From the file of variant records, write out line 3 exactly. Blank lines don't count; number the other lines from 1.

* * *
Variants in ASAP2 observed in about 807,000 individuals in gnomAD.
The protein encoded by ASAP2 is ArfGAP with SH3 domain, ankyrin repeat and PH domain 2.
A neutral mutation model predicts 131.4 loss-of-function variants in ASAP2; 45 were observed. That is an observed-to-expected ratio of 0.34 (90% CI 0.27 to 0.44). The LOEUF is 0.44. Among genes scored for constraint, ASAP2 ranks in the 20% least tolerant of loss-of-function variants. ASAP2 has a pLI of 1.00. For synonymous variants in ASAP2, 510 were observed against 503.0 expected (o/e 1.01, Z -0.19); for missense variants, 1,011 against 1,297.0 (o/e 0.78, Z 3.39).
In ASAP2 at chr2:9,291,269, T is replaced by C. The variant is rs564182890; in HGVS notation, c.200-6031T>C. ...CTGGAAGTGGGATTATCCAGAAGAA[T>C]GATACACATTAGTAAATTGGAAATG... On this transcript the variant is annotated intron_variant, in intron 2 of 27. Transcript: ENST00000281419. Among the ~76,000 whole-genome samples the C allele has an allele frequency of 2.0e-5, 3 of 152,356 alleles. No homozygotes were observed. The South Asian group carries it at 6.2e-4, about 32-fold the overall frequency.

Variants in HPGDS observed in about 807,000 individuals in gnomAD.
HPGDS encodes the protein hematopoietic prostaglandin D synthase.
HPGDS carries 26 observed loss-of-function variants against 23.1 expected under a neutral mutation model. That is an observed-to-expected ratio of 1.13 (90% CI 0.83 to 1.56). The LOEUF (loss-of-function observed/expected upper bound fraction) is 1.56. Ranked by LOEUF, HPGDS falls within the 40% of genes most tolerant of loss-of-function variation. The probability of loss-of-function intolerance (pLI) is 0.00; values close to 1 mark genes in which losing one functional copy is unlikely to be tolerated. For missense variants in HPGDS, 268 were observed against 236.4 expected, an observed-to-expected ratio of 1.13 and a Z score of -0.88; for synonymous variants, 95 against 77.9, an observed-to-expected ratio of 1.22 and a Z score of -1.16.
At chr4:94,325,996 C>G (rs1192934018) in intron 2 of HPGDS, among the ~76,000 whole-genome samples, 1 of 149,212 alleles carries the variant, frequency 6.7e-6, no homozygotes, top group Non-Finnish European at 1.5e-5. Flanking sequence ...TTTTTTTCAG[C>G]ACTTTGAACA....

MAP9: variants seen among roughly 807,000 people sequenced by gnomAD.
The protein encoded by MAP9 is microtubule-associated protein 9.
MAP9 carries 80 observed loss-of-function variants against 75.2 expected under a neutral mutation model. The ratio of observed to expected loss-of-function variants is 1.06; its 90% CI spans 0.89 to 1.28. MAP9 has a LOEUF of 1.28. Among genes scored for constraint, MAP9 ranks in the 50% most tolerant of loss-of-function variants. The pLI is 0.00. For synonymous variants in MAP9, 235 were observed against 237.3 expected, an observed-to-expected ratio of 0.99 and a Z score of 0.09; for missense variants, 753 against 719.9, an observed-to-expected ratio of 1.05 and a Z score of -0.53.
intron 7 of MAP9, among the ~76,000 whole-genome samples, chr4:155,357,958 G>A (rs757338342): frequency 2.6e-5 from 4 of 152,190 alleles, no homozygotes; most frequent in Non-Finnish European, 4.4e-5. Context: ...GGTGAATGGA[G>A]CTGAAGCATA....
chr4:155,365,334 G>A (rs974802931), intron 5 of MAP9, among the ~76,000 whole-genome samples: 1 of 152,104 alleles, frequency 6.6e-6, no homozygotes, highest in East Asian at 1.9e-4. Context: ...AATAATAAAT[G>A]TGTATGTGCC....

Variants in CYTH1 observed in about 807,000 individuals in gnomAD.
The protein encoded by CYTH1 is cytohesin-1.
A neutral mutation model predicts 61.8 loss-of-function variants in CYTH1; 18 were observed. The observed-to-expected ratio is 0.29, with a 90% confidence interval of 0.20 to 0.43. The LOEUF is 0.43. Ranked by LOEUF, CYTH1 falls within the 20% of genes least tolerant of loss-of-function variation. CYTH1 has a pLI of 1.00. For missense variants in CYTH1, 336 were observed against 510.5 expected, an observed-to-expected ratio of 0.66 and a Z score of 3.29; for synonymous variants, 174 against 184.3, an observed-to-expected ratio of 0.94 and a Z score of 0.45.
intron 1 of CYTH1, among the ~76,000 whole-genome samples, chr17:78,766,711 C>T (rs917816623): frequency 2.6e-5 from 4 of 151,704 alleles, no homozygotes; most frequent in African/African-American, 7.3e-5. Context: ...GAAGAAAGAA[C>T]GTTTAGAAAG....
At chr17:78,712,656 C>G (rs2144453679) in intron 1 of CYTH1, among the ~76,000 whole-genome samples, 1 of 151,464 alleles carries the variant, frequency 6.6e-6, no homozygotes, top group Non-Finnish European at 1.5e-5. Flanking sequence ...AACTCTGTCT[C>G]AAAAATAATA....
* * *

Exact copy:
A neutral mutation model predicts 131.4 loss-of-function variants in ASAP2; 45 were observed. That is an observed-to-expected ratio of 0.34 (90% CI 0.27 to 0.44). The LOEUF is 0.44. Among genes scored for constraint, ASAP2 ranks in the 20% least tolerant of loss-of-function variants. ASAP2 has a pLI of 1.00. For synonymous variants in ASAP2, 510 were observed against 503.0 expected (o/e 1.01, Z -0.19); for missense variants, 1,011 against 1,297.0 (o/e 0.78, Z 3.39).